In August 2014, I wrote a column on whether it was time to stop listening to experts.
It was inspired by Vancouver city council’s announcement that it was establishing a 48-person Citizens’ Assembly in Grandview-Woodlands to spend eight months learning about neighbourhood planning so residents could provide informed input on a controversial community plan.
It described how society seems to have lost respect for "experts" — those who have knowledge and/or experience in a particular field — and replaced it with a kind of "expertise egalitarianism" whereby everyone's opinion is given equal weight.
Since writing the column, the Citizens’ Assembly has issued its report and planning recommendations. They often depart from what many planners would regard as appropriate building forms and densities.
On the controversial proposal for a high density, high rise complex at Commercial and Venables, the members could not reach a consensus, and agreed to disagree.
There have been other significant events in Vancouver since my column. In January 2016, the Urbanarium Society, in partnership with the Museum of Vancouver, created an exhibition titled Your Future Home: Creating the New Vancouver.
My colleague Naoibh O’Connor (it’s OK, I can’t pronounce her name either) wrote about the opening of the exhibit.
If you are interested in Vancouver’s future, I highly recommend that you visit this exhibition before it ends on May 15. The museum is located at 1100 Chestnut Street, within the Planetarium.
In addition to the exhibit, the Urbanarium Society has organized a series of debates along with the UBC School of Architecture and Landscape Architecture. Moderated by David Beers, founding editor of The Tyee, expert teams argue competing visions for solving Metro Vancouver’s biggest challenges. Audience members vote before and after each debate, with a prize awarded to the team that changes the most minds.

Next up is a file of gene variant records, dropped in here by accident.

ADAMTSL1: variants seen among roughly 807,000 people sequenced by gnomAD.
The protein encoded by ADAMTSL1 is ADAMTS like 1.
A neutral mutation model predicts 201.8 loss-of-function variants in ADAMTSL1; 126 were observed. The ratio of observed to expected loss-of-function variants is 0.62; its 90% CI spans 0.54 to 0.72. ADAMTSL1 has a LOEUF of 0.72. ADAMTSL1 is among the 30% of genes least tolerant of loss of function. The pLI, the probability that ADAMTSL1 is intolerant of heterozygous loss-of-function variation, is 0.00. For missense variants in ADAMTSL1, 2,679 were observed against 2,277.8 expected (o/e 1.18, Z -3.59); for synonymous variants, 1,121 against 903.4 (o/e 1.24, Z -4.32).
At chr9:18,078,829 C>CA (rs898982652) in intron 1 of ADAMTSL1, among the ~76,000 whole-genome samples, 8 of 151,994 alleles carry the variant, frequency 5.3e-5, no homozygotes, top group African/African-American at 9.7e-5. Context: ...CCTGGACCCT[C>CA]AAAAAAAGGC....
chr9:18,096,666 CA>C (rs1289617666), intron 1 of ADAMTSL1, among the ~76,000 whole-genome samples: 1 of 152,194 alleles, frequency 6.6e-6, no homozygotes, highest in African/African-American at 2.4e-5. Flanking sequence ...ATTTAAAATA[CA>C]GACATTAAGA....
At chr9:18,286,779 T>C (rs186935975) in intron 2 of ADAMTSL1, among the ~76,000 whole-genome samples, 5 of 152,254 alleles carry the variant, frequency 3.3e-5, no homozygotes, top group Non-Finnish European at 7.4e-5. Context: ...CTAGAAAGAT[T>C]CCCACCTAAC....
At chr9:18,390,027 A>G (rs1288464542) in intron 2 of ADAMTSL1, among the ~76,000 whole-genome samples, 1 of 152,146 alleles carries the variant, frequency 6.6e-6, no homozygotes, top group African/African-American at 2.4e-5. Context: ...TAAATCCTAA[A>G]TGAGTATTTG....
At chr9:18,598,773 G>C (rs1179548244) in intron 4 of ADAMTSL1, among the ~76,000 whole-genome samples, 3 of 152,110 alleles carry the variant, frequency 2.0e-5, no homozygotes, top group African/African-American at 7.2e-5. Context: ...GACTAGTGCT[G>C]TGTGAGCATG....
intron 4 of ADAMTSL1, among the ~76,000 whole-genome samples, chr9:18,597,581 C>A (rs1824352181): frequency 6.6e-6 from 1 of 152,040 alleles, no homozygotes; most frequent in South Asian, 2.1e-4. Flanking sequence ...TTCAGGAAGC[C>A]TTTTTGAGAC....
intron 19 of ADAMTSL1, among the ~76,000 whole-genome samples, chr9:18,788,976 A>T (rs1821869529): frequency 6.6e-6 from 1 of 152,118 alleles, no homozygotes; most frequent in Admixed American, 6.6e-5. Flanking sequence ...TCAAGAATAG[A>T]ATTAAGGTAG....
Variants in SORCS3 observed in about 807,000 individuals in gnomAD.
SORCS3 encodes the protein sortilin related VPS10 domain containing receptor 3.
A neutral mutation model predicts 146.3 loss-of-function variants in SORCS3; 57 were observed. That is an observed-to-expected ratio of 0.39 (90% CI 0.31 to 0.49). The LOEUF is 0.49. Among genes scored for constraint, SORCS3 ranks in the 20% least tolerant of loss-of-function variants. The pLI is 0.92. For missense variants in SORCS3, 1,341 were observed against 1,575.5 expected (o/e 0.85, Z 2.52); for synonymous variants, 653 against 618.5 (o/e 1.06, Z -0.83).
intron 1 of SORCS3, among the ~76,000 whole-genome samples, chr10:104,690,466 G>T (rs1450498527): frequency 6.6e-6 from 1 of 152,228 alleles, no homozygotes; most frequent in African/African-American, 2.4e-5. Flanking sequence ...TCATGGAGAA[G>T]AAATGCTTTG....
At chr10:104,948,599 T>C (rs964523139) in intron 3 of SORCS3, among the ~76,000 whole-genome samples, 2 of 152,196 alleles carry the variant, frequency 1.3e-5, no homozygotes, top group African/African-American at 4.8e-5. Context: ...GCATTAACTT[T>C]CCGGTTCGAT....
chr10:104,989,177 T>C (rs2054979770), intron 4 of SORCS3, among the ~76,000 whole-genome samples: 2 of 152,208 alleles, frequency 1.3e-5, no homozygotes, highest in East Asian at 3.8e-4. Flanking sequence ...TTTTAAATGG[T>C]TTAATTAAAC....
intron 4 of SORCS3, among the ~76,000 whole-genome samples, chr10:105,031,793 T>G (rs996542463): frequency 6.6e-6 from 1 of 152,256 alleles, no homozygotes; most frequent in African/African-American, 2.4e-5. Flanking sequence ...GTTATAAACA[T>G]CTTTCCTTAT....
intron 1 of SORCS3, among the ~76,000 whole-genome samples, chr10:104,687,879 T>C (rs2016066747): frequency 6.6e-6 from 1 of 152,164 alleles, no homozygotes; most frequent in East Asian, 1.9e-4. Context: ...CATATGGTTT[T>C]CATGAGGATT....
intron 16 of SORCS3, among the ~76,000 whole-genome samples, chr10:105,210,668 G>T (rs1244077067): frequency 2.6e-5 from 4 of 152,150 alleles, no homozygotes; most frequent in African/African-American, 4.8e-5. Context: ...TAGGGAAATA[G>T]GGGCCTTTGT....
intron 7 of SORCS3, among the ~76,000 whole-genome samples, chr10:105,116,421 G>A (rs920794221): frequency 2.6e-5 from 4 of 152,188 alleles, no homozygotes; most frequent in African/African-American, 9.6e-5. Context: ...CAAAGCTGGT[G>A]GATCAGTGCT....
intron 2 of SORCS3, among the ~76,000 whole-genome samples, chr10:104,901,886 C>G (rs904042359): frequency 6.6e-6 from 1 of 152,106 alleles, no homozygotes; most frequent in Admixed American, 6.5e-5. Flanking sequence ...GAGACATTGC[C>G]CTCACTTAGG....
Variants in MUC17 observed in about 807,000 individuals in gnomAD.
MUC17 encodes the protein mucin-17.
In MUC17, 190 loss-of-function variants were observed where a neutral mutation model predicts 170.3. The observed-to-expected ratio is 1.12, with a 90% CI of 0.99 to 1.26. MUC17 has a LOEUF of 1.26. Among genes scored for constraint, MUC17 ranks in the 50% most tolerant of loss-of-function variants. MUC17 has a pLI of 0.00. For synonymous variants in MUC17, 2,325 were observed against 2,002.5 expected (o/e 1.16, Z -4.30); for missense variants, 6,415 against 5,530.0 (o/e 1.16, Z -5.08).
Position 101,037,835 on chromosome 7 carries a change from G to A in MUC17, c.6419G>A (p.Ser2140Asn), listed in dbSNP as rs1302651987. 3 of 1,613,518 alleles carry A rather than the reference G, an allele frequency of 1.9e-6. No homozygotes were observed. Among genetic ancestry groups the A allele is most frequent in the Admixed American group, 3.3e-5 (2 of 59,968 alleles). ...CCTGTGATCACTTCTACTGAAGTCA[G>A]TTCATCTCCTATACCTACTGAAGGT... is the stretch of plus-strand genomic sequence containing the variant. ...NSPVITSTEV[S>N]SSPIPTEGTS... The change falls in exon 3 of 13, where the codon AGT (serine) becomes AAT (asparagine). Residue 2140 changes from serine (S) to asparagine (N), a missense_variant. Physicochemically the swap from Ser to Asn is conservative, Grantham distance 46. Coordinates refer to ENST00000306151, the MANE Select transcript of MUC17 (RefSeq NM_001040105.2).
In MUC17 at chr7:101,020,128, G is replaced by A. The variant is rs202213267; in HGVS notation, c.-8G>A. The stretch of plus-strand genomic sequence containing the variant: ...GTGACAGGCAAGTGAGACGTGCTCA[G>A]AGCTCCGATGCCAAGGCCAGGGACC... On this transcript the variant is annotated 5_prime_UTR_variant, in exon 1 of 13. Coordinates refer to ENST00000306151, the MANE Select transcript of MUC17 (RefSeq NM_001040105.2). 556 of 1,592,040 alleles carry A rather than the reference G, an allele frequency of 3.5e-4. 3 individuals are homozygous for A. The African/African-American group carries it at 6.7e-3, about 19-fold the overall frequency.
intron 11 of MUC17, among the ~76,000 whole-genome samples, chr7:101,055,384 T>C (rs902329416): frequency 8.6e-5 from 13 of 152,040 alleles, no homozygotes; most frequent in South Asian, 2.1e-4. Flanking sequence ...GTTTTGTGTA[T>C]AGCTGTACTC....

So far there have been four debates.
The first was on the proposition that we open all neighbourhoods to densification. Former Vancouver director of planning Brent Toderian and architect Joyce Drohan did their best to justify the benefits of increasing neighbourhood densities. However, the debate was won by UBC professor emeritus Michael Goldberg and former Vancouver mayor Sam ‘EcoDensity’ Sullivan who convinced many in the audience it may be best to leave certain neighbourhoods alone.
The second debate was on the proposition that we build fewer towers. The third debate was on the proposition that we legislate housing affordability. The fourth debate looked at whether Vancouver needed an overall city plan.
To see who participated in these debates, and who won, go to urbanarium.org where you can also watch videos of the debates.
The fifth debate is set for May 11. The proposition is ‘Let experts plan’ and two teams will argue whether citizens should be more empowered to decide what gets built Vancouver; or whether the process is already too prone to public pressures, stifling the creativity, knowhow and vision that professional planners are hired to provide.
I will be arguing the pro side of this debate and joined by Judy Rudin.
Rudin is not a professional planner. On the contrary, she is a communications consultant who describes herself as a fan of the democratic process who specializes in promoting public engagement.
Our opponents are two well-known Vancouver personalities.
Michael Kluckner is an artist and author best-known for his 1990 book Vanishing Vancouver, and its 2012 sequel. He is a member of the Heritage Commission and president of the Vancouver Historical Society.
Charles Campbell is a former editor and writer with the Georgia Straight, the Vancouver Sun and The Tyee. He worked with the Citizens' Assembly on the Grandview-Woodland Community Plan to salvage a planning process that he claims was botched by senior city managers.
The debate will take place on May 11th at the UBC Robson Square Theatre, starting at 6:30. You can obtain tickets at urbanarium.org. (Two more debates are planned at Robson Square. The Urbanarium Society is in the process of finalizing dates.)
If you think neighbourhood residents need more power at city hall, I hope you will attend. I might change your mind.
Note: This story has been corrected since first posted